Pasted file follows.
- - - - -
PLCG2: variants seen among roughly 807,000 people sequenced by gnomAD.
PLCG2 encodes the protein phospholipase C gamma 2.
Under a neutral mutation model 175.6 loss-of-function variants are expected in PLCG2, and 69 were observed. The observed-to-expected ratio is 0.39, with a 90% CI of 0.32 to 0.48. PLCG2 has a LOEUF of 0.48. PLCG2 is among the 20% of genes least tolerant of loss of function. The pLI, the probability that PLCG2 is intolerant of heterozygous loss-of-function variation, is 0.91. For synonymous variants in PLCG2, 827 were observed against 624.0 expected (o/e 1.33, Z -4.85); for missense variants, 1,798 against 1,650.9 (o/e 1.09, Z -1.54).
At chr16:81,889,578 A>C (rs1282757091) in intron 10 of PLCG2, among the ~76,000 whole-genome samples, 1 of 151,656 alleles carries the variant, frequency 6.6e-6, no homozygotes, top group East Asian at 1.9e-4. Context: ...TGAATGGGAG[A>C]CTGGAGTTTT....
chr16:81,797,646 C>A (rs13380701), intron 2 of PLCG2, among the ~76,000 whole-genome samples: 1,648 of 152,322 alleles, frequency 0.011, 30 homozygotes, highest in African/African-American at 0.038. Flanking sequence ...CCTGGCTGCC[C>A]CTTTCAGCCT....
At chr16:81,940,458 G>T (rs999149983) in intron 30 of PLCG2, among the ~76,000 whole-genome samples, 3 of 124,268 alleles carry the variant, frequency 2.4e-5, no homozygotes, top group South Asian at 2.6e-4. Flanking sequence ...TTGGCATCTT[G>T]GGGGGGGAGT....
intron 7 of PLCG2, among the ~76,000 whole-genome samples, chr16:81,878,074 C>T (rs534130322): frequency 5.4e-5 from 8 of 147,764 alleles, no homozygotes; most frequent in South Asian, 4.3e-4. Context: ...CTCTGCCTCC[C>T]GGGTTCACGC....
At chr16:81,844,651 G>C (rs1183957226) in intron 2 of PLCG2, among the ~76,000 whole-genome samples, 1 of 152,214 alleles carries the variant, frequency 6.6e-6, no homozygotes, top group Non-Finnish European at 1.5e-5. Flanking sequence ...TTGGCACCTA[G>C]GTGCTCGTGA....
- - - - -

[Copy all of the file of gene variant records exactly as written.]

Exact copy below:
PLCG2: variants seen among roughly 807,000 people sequenced by gnomAD.
PLCG2 encodes the protein phospholipase C gamma 2.
Under a neutral mutation model 175.6 loss-of-function variants are expected in PLCG2, and 69 were observed. The observed-to-expected ratio is 0.39, with a 90% CI of 0.32 to 0.48. PLCG2 has a LOEUF of 0.48. PLCG2 is among the 20% of genes least tolerant of loss of function. The pLI, the probability that PLCG2 is intolerant of heterozygous loss-of-function variation, is 0.91. For synonymous variants in PLCG2, 827 were observed against 624.0 expected (o/e 1.33, Z -4.85); for missense variants, 1,798 against 1,650.9 (o/e 1.09, Z -1.54).
At chr16:81,889,578 A>C (rs1282757091) in intron 10 of PLCG2, among the ~76,000 whole-genome samples, 1 of 151,656 alleles carries the variant, frequency 6.6e-6, no homozygotes, top group East Asian at 1.9e-4. Context: ...TGAATGGGAG[A>C]CTGGAGTTTT....
chr16:81,797,646 C>A (rs13380701), intron 2 of PLCG2, among the ~76,000 whole-genome samples: 1,648 of 152,322 alleles, frequency 0.011, 30 homozygotes, highest in African/African-American at 0.038. Flanking sequence ...CCTGGCTGCC[C>A]CTTTCAGCCT....
At chr16:81,940,458 G>T (rs999149983) in intron 30 of PLCG2, among the ~76,000 whole-genome samples, 3 of 124,268 alleles carry the variant, frequency 2.4e-5, no homozygotes, top group South Asian at 2.6e-4. Flanking sequence ...TTGGCATCTT[G>T]GGGGGGGAGT....
intron 7 of PLCG2, among the ~76,000 whole-genome samples, chr16:81,878,074 C>T (rs534130322): frequency 5.4e-5 from 8 of 147,764 alleles, no homozygotes; most frequent in South Asian, 4.3e-4. Context: ...CTCTGCCTCC[C>T]GGGTTCACGC....
At chr16:81,844,651 G>C (rs1183957226) in intron 2 of PLCG2, among the ~76,000 whole-genome samples, 1 of 152,214 alleles carries the variant, frequency 6.6e-6, no homozygotes, top group Non-Finnish European at 1.5e-5. Flanking sequence ...TTGGCACCTA[G>C]GTGCTCGTGA....